[gmx-users] Multiple Simulations

David spoel at xray.bmc.uu.se
Mon Jan 12 19:31:02 CET 2004

On Mon, 2004-01-12 at 16:51, Anton Feenstra wrote:
> David van der Spoel wrote:
> > Doesn't that depend on the kind of properties? If the simulations are 
> > under the same conditions (T,P etc.) then I'd say one can just 
> > linearly average most properties.
> That depends on the starting conditions, doesn't it? If I would simulate
> a protein starting 10 times from an x-ray structure and 10 times from a
> rough homology model (or, worse, a high-T unfolded structure), I wouldn't
> trust the linear averages...
> In other words, the x-ray structures are probably of a lower (free) energy,
> making therefore the whole trajectory more 'likely', than those started
> from the high (free) energy state. It could come down to assigning (free)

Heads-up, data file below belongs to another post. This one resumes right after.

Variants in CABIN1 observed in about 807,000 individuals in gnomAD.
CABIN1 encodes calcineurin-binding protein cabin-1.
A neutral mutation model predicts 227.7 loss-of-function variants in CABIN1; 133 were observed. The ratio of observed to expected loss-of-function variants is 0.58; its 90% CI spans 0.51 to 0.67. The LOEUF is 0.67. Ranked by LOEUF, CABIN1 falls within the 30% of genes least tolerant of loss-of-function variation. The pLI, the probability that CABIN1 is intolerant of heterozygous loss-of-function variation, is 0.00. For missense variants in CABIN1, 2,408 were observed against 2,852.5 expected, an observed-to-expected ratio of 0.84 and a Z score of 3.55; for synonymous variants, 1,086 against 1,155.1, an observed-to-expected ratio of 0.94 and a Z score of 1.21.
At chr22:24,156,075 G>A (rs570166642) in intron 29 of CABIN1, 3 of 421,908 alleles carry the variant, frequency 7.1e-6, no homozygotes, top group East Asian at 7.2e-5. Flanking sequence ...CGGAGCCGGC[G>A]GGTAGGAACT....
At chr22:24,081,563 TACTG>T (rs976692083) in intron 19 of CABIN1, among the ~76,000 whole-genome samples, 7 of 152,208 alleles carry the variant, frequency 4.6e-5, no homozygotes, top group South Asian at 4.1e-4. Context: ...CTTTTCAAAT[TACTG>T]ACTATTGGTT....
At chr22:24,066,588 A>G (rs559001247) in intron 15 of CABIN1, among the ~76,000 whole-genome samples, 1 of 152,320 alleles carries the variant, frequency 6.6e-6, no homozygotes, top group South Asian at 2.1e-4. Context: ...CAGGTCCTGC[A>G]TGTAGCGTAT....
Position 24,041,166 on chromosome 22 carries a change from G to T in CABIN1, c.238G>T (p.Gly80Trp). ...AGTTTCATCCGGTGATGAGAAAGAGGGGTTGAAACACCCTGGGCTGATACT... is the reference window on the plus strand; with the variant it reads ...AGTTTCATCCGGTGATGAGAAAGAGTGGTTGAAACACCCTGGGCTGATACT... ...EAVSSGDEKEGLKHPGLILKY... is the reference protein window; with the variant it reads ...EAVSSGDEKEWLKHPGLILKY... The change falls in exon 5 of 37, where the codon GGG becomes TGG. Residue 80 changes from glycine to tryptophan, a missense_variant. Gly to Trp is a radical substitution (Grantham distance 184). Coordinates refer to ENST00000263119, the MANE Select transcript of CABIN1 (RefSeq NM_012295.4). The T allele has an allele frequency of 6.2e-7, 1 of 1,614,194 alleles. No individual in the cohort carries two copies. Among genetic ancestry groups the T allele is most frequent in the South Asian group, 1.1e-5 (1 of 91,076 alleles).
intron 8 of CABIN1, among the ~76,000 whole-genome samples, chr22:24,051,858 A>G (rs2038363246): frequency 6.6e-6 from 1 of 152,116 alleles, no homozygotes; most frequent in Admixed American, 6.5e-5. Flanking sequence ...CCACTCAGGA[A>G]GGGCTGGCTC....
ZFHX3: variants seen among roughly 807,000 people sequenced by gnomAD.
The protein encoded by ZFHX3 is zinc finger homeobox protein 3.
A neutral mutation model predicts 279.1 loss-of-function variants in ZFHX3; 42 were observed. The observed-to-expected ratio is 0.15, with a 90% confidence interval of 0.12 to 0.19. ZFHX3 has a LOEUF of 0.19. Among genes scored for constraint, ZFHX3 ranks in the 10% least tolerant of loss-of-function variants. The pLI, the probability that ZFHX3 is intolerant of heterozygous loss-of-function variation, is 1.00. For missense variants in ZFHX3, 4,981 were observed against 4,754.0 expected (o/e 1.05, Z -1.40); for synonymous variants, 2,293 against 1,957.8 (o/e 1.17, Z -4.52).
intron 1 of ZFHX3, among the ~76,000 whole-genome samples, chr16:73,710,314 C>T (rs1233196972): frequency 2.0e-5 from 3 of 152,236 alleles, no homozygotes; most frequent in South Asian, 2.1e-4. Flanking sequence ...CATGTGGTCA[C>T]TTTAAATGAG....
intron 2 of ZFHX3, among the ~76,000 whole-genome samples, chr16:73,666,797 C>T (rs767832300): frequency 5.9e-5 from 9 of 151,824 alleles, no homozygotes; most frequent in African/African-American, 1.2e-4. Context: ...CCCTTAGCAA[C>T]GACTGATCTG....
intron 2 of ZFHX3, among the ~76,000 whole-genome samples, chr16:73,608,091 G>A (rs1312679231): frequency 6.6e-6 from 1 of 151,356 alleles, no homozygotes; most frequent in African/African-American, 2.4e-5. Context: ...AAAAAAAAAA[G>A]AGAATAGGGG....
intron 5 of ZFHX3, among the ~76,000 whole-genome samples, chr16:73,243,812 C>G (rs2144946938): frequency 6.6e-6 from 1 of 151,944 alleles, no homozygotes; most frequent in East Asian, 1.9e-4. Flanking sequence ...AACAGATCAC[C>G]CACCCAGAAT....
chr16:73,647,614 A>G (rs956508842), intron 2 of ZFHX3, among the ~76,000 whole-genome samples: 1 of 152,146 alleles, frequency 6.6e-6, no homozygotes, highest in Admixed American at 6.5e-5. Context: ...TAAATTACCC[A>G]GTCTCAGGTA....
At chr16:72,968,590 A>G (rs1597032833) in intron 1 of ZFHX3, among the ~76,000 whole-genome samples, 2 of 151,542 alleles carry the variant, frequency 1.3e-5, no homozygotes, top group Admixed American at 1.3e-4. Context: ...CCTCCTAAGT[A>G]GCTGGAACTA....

> energies to the independent trajectories, which may be as simple as taking
> the average potential energy over the trajectory. But I'd like to know if
> anyone has done some kind of (rigorous) comparison on methods to do this?

Aha, I somehow (naively) though you meant equilibrium trajectories... My
experience is that the bad structures have higher energy, not rigorous
though. Have you seen the recent paper from the Alan Mark group on
comparison of NMR and Xray structures, all simulated for a long time?
Not surprisingly, the Xray structures are more stable (so indeed, forget
about homology models, even though I have just published a paper on
simulations of those... [J. Comp. Aid. Mol. Des. 17, p 551 (2003)]).

David van der Spoel, PhD, Assist. Prof., Molecular Biophysics group,
Dept. of Cell and Molecular Biology, Uppsala University.
Husargatan 3, Box 596,  	75124 Uppsala, Sweden
phone:	46 18 471 4205		fax: 46 18 511 755
spoel at xray.bmc.uu.se	spoel at gromacs.org   http://xray.bmc.uu.se/~spoel

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